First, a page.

Every month, I will do my best to read and review one book (non-fiction, fiction, poetry, etc.) from an up-and-coming author. These authors are often times my friends and fellow bloggers. If you would like for me to feature your book, please see my original post on the matter here: Now Offering: Book Reviews.
Book of May: His Personal Reich
Author: L. Salt
Andrea Zissman is a simple woman alone in the world. After her mother’s death, Andrea is given instructions to empty a safety deposit box. There she discovers a marriage license (proving that her mother did indeed marry her father although her grandmother told her differently) and half a picture containing not only her father but a brother she has never known. What begins as a journey to find her family turns into an adventure that dates back to World War II and Hitler’s reign of terror. Teaming up with Leon Callais, an eccentric journalist who is also searching for Andrea’s father, the two travel to Iceland.
There the dream of family turns into a nightmare filled with Neo-Nazis and the construction of a machine called “Nothung” which can prove detrimental to the fate of the world as we know it.
Review & Star Rating
I was so very conflicted on how to rate this novella. As an action/thriller it does not disappoint. There is non-stop action from the very beginning as the first page pulls readers in with mystery and intrigue. Between the threats of Nazis and an erupting volcano, there is a feeling that Andrea and Leon may be killed at any minute. The plot line is there with its exposition, rising action, climax, falling action, and resolution. The story itself, or I should say the idea of the story, is fantastic!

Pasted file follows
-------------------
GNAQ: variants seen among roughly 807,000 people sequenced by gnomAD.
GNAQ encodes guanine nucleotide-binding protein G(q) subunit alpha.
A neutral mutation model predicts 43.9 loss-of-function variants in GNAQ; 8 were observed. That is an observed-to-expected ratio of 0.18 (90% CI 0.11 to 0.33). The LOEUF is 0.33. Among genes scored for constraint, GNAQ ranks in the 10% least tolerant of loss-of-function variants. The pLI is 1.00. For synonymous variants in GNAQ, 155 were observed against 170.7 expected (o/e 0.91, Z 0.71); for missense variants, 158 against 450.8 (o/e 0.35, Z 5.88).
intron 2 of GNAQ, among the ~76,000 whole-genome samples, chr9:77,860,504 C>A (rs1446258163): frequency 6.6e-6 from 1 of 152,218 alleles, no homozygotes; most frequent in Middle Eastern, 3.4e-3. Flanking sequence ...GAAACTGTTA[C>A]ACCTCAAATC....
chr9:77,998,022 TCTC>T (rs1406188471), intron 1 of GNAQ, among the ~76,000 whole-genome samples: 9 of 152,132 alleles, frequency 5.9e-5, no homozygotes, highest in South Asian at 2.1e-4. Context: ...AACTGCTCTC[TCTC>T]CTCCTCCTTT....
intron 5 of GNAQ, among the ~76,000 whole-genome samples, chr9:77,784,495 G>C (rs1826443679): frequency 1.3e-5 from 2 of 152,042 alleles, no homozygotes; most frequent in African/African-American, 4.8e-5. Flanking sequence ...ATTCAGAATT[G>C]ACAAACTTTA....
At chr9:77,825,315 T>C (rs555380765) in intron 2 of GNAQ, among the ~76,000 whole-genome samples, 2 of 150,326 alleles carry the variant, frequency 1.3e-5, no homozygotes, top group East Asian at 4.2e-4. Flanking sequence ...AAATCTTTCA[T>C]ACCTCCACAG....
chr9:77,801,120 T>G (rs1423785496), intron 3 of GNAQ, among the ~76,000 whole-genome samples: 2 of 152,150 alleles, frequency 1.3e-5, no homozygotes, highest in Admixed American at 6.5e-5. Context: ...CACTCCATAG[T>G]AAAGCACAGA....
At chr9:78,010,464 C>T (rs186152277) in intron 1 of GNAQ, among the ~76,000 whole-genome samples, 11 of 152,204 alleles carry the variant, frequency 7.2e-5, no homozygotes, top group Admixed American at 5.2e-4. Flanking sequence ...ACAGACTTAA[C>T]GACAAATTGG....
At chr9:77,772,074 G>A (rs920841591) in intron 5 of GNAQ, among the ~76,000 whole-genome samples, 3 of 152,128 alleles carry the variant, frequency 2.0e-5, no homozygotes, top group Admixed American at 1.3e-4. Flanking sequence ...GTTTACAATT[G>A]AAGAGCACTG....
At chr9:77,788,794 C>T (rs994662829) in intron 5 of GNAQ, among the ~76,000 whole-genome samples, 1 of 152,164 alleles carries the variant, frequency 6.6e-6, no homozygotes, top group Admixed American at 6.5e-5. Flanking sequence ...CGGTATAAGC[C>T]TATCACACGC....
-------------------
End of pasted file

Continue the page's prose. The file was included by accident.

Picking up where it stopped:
Where it falls short is within its brevity. At 22,000 words and a little over 50 pages, there is simply not enough. The story reads more like a movie script in which relationships must be formed quickly and epiphanies must be made within 120 minutes. The relationships and conflicts between characters are filled with potential that demand at least double the page length. Due to the brevity, some moments feel forced, especially Andrea’s forgiveness at the end of the story. Additionally, while all the “key” elements are there, I wish Salt had included the in-between stuff, the sub-plots that really develop characters (showing not telling).
As far as criticism goes however, it is not the worst to hear that your readers were disappointed by the brevity and wanted more of the story.
I will also note that there is sexually mature content in this book that is not suitable for all readers.
I do recommend this book to anyone who is looking for a fun, quick read. It took me only a couple of hours to finish the book from start to finish. The plot line was intriguing, but perhaps you, like me, will wish that there had been more downtime to allow the characters to breathe.
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